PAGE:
International Boxing Hall of Fame
Ted "Kid" Lewis
|Ted "Kid" Lewis|
|Real name||Gershon Mendeloff|
|Birth date||Varies depending on source, either October 28, 1893 or October 24, 1894|
|Death date||October 20, 1970 (aged 75)|
|Wins by KO||80|
It was as a member of London’s Judean Athletic Club that Mendeloff assumed the name “Kid” Lewis ("Ted" was added later, in America). At 14 he fought for sixpence and a cup of tea. He later won the Club’s flyweight title, and took home a cup of imitation silver.
He became a professional boxer in 1909. On October 6, 1913, Lewis won the British featherweight crown with a 17th round knockout of Alec Lambert at London’s National Sporting Club. A year later, on February 2, 1914, at London’s Premierland, he won the European featherweight title from Paul Til via a 12th round foul.
Still in 1914, campaigning as a lightweight and welterweight, Lewis left London and toured Australia. In 1915 Lewis traveled to the United States, fighting Phil Bloom in New York’s Madison Square Garden. He won a decision.
In Boston’s Armory, on August 31st of that same year, he fought the man known as the “Boxing Marvel," Jack Britton, for the welterweight crown. Lewis won in a twelve-round decision, becoming welterweight world champion and beginning an historic rivalry. From 1915 to 1921 Lewis and Britton fought 20 times, a total of 224 rounds.
On April 24, 1916, in New Orleans, Lewis lost the title to Britton. He reclaimed it on June 25, 1917, at Westwood Field, Dayton, Ohio. He lost the title for the last time on March 17, 1919, in Canton, Ohio, when Britton knocked him out in the 9th round — the only knockout of the series.
The roundup of his matches with Britton: Lewis won 3, lost 4, and had 1 draw. There were 12 no decisions. After his last loss to Britton, Lewis returned to England.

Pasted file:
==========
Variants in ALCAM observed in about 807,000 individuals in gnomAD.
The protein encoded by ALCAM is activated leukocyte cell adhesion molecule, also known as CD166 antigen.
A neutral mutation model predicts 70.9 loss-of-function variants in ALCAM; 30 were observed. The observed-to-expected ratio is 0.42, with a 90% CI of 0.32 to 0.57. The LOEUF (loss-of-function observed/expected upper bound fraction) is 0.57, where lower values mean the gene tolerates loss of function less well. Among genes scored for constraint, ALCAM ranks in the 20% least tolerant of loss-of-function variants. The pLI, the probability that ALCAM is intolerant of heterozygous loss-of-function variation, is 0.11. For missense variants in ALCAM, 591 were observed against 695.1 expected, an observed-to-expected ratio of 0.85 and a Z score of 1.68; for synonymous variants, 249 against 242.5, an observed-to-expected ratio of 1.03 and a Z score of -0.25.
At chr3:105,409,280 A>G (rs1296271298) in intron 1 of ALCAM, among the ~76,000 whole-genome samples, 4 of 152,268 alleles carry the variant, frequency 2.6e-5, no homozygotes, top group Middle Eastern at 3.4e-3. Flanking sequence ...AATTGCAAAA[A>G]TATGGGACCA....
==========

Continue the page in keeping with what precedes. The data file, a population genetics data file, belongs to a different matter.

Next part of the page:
On June 9, 1920, at London’s Olympia Exhibition Centre, he beat Johnny Basham to win the British and European welterweight titles. He relinquished these in December of that year due to difficulty in making the weight.
His drive to fight Georges Carpentier, world and European Light Heavyweight champion, came to fruition on May 11, 1922, in the Olympia. Lewis, fighting at 150 pounds to Carpentier’s 175, spent most of the first round giving the heavier man a drubbing. Then referee Joe Palmer put a hand on Lewis’s shoulder to warn him against holding. Carpentier took advantage of this distraction and sneaked in a vicious right. The Kid went crashing to the canvas and was counted out. The Olympia crowd erupted furiously, crying, “foul,” but to no avail. The Kid remained nonplussed. “I felt cheated, but I didn’t bear any grudge,” he would later say.
On June 6, 1922, at Holland Park Rink, London, Lewis knocked out Frankie Burns to win the British middleweight title. On November 11 of the same year, also at Holland Park Rink, he beat Roland Todd to win the European middleweight title. He did not hold either title long, losing both at the Royal Albert Hall on February 15, 1923, after a grueling rematch with Todd.
Lewis won his last two titles, the British and European welterweight crowns, on July 3, 1924 — again at London’s Royal Albert Hall — by defeating Hamilton Johnny Brown. Two years later, on November 26, 1924, at Waverley Market Hall in Edinburgh, he lost these championships to the much younger Scotsman, Tommy Milligan.
He continued boxing until 1929, adding 20 more fights. His final record was: 279 bouts, 170 won, 30 lost, 13 draws, 66 no decisions, 70 knockouts.
Lewis started his career as an evasive boxer, with a long left. During the six years he spent in America he changed his style, becoming a swarming, combination boxer-fighter.
He was elected to the Boxing Hall of Fame in 1964.
Bert Randolph Sugar, in his authoritative book, The 100 Greatest Boxers of All Time, ranked Lewis # 33, ahead of such fighters as “Gentleman Jim” Corbett, Jake LaMotta, Sugar Ray Leonard, and Georges Carpentier.